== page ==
"I've had nightmares that make more sense than this."
If there was ever a time when the world seemed like it was in desperate need of another biting satire from the brilliant mind of Armando Iannucci, it is probably now. He’s proved very capable of handling contemporary politics in TV with ‘The Thick of It’ and ‘Veep’ while also finding time to show he has real cinematic talent by bringing the superb ‘In the Loop’. But now he has entirely new setting in the form of 1950s Russia, and if I trusted anyone to turn a story about history’s most notorious mass murderer into a hilarious comedy then it’s Iannucci.
Following the unexpected death of the leader of the Soviet Union, Joseph Stalin, a vicious and farcical power struggle breaks out between his closest advisors. These men who once lived in fear for their lives under the regime of Stalin now find themselves more likely to be offed by one of their allies as they become locked in a mission to ascend to power and take control of a major world power.
Iannucci has been known for his dark and politically motivated comedies, but ‘The Death of Stalin’ takes that to another level entirely. The dark moments are about as bleak as they come, and the comedy is about as funny as you’ll find in a cinema. It really is an astonishing feat of political satire that Iannucci has been able to bring forth this biting piece of socially relevant filmmaking that functions just as masterfully as a study of characters as it does of the entire regime they operate under. I cannot overstate what a brilliant tonal balance it is. Its thing to make jokes about cabinet meetings and congressional hearings, it’s another astral plane entirely to turn death camps, mass famine and civilian causalities into punchlines without ever coming across as tone deaf of degrading.
Make no mistake, Iannucci clearly has nothing but distaste for the world he presents in ‘The Death of Stalin’ as well as the characters that inhabit it. But he does seem utterly fascinated with them, and for the best part of 2 hours so are we as an audience. He has a fundamental understanding of the inherent ridiculousness behind politics and renders it in a way which anyone can understand. You don’t have to know anything about Russian history to understand the stakes in this film as they are made abundantly clear from the start. Though the dialogue heavy screenplay can be a bit weighty at times in terms of exposition, Iannucci places enough comedy throughout the movie to keep the viewer intrigued.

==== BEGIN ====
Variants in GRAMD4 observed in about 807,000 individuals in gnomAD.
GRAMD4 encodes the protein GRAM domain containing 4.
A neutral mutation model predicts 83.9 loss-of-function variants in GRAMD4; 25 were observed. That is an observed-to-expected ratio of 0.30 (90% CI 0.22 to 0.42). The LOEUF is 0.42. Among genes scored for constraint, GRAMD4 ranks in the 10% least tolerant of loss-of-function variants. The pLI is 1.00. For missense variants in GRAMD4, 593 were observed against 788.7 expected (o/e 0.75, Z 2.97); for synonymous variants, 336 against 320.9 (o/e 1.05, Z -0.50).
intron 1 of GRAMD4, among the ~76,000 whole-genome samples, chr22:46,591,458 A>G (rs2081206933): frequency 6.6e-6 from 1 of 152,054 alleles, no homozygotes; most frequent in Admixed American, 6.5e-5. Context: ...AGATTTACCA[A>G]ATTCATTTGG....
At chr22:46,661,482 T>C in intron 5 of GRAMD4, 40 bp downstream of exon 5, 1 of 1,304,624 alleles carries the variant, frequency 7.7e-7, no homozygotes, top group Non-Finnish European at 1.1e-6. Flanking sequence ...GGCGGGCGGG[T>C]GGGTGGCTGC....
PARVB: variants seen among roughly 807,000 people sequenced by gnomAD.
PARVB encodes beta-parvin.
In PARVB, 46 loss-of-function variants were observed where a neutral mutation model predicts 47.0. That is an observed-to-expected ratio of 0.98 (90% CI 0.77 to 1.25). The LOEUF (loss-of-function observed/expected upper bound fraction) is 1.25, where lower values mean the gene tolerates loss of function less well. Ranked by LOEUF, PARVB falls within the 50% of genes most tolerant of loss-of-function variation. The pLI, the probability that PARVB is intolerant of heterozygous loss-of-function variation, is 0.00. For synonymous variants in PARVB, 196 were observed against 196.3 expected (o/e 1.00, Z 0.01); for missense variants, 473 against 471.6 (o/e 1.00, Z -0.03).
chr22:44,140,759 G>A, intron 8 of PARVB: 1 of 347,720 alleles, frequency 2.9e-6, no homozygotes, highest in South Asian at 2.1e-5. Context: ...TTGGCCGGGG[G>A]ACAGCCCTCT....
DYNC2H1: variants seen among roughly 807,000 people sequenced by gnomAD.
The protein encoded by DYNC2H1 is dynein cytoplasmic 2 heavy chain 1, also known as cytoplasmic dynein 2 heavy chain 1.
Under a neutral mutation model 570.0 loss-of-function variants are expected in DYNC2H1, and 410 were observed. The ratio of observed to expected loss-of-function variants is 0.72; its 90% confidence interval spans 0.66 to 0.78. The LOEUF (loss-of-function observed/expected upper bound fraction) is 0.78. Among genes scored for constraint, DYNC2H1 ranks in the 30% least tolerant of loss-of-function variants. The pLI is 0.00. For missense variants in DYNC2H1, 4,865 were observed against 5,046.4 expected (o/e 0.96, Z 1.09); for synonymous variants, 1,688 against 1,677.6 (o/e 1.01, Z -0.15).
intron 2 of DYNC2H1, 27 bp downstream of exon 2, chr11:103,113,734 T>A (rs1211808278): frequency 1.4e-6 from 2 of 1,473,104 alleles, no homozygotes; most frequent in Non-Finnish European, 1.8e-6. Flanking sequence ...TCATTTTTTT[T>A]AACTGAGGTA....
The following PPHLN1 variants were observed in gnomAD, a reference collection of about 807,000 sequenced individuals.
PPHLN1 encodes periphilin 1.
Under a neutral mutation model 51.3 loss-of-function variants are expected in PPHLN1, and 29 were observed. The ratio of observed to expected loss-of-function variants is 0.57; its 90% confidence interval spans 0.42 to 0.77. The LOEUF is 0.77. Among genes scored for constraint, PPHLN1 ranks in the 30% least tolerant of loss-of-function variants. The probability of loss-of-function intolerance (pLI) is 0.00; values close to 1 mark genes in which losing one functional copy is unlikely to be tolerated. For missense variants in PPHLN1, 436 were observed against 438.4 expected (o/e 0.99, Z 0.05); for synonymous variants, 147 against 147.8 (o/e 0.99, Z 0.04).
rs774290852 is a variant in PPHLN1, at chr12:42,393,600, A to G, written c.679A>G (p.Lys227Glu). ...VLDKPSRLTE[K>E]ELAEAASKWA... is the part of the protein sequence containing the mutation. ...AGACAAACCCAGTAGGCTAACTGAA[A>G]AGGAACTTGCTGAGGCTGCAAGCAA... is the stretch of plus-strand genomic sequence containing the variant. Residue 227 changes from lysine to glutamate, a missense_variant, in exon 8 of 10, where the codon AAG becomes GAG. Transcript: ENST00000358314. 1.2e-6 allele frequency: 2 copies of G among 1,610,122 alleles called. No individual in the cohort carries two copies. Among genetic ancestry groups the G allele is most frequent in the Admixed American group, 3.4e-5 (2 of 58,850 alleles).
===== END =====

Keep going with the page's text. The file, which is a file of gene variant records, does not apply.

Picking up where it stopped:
In fact sometimes confusion is an essential part of the plot itself. To see these characters immediately scrambling in a desperate effort to obtain power is hilarious in of itself, but to then then seem them abandon every one of their principles and ideologies on a whim depending upon when it suits them is even more hypocritically humorous. They become locked on psychological games that range from the deeply political to the incredibly petty. They jostle to earn favour with Stalin’s children, argue about who gets to stand where at his funeral and Iannucci even manages to render the simple act of people raising their hands to vote as comedic brilliance.
But of course, the movie never lets the audience forget the darker implications behind each action. From the very first scene we understand exactly what the stakes are for these characters and what it means to live under the Stalin regime. It contrasts the absurdity of each situation with the grim undertones that motivates each one, which adds a bizarrely relatable element to proceedings. Obviously these are despicable people but you can’t help but empathise with their plight. They’ve all been trapped in a labyrinth of their own making and as the walls begin to crumble all they can do is ensure their own safety.
That is in turn what allows all of the performances in the film to be pitch perfect. The characters are written to be exaggerated and over the top, but also painfully human in terms of their flaws and motivations. Each performer has a brilliant habit of subverting the expectations that come attached to their character. They are each introduced in one light but as the film progresses we are allowed to see them in their true light. Steve Buscemi’s seemingly bumbling portrayal of Nikita Khrushchev slowly reveals itself to be a malicious and vindictive plotter. Rupert Friend on the other hand has almost the opposite arc as Stalin’s son, being introduced as a temperamental danger but eventually transitioning to a pitiful and redundant relic. The same can be said for every performance which never struggles to convey each transitioning mood of their characters.
Treading a miraculous line between horrifyingly bleak and hilariously satirical, ‘The Death of Stalin’ is a brilliantly penned piece of cinematic comedy.